Suncook Valley Trails Plan
The Central NH Regional Planning Commission is developing a coordinated trails plan for the Suncook Valley area in Spring 2019 for the benefit of residents, decision makers, visitors and businesses. An evaluation of the trails opportunities within the former Suncook Valley Railroad corridor in Allenstown, Epsom, Pembroke, Chichester and Pittsfield and the existing trails connections to this corridor could enable the future development of collaborative trails projects while enhancing and preserving those local community features dearly desired by Towns. To develop this trails plan, we are seeking the assistance of Suncook Valley area municipal committees, area trails clubs and other groups to ascertain interest, issues, and opportunities. Click here to learn more!
New Hampshire Pedestrian and Bicycle Transportation Plan
Walk or bike in New Hampshire and want to provide input? Feedback is being sought in the development of the New Hampshire Pedestrian and Bicycle Transportation Plan. Visit nhpedbikeplan.com to provide input, identify locations for improvement on a interactive map, and sign up to be informed of upcoming meetings and other events.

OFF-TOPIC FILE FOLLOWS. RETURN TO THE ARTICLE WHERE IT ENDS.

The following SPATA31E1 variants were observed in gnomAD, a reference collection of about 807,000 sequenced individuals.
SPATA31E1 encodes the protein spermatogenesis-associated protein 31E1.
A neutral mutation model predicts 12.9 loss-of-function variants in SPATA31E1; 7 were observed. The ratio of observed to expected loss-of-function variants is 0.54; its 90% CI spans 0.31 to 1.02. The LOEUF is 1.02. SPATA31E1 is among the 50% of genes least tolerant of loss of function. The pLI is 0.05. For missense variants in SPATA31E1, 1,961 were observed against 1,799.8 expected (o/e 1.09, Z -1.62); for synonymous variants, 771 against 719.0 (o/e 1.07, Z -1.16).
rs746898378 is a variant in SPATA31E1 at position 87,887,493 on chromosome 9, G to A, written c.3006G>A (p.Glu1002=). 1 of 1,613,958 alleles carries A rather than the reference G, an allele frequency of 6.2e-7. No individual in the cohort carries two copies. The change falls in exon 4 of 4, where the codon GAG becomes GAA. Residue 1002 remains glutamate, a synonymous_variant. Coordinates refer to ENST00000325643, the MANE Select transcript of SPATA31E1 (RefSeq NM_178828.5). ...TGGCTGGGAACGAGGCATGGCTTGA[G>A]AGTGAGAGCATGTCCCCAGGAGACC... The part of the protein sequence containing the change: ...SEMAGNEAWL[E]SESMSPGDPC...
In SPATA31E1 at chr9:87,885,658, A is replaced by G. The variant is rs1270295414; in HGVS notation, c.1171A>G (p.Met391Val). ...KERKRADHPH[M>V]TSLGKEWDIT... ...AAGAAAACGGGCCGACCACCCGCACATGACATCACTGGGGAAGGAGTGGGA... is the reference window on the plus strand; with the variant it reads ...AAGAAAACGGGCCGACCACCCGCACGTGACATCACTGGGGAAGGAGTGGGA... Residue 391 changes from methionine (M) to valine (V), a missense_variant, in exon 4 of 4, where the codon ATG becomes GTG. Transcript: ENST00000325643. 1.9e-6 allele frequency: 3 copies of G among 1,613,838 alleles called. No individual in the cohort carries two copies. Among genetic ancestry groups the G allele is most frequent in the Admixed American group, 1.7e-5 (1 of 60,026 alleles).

CNHRPC Community Profiles Have Been Updated!
The CNHRPC Community Profiles have been updated with newly released 2013-2017 American Community Survey data! View them here!
CNHRPC Brownfields Assessment Program Update
Since being awarded a second brownfields grant from the U.S. EPA, CNHRPC has been able to continue assessment work at its existing sites as well as explore new ones. With regard to existing sites, the Naughton Landfill in Bradford and the Allied Tannery in Boscawen have both benefited from an reuse analysis as well as a market analysis. Both studies have explored the possibility of certain redevelopment uses being realized. This will lay the foundation for reuse planning. In Hillsborough, the Woods Woolen Mill site has continued Phase II work and this spring the site will undergo further drilling and testing. This should round out the assessment process for these properties and lay a foundation for reuse planning. Finally, the two Pittsfield sites are in a position this spring for final drilling and testing to round out Phase II assessment work. Once done additional nearby properties that could be assessed in an effort to further a larger downtown revitalization effort consistent with the 2011 Community Charrette.
With regard to additional sites, a number of potential properties have been identified across the region. At this stage the owners of two sites have been contacted and may decide to participate in the program at their own discretion. Three additional sites have had scopes developed for assessment work and are currently being considered for action by each community and each property owner. CNHRPC is hopeful that these properties will join the sites in Bradford, Boscawen, and Pittsfield in utilizing the Region’s brownfields funds to moving these properties to cleanup and productive reuse.
N.H. Drought is Widespread; Conserving Water is Key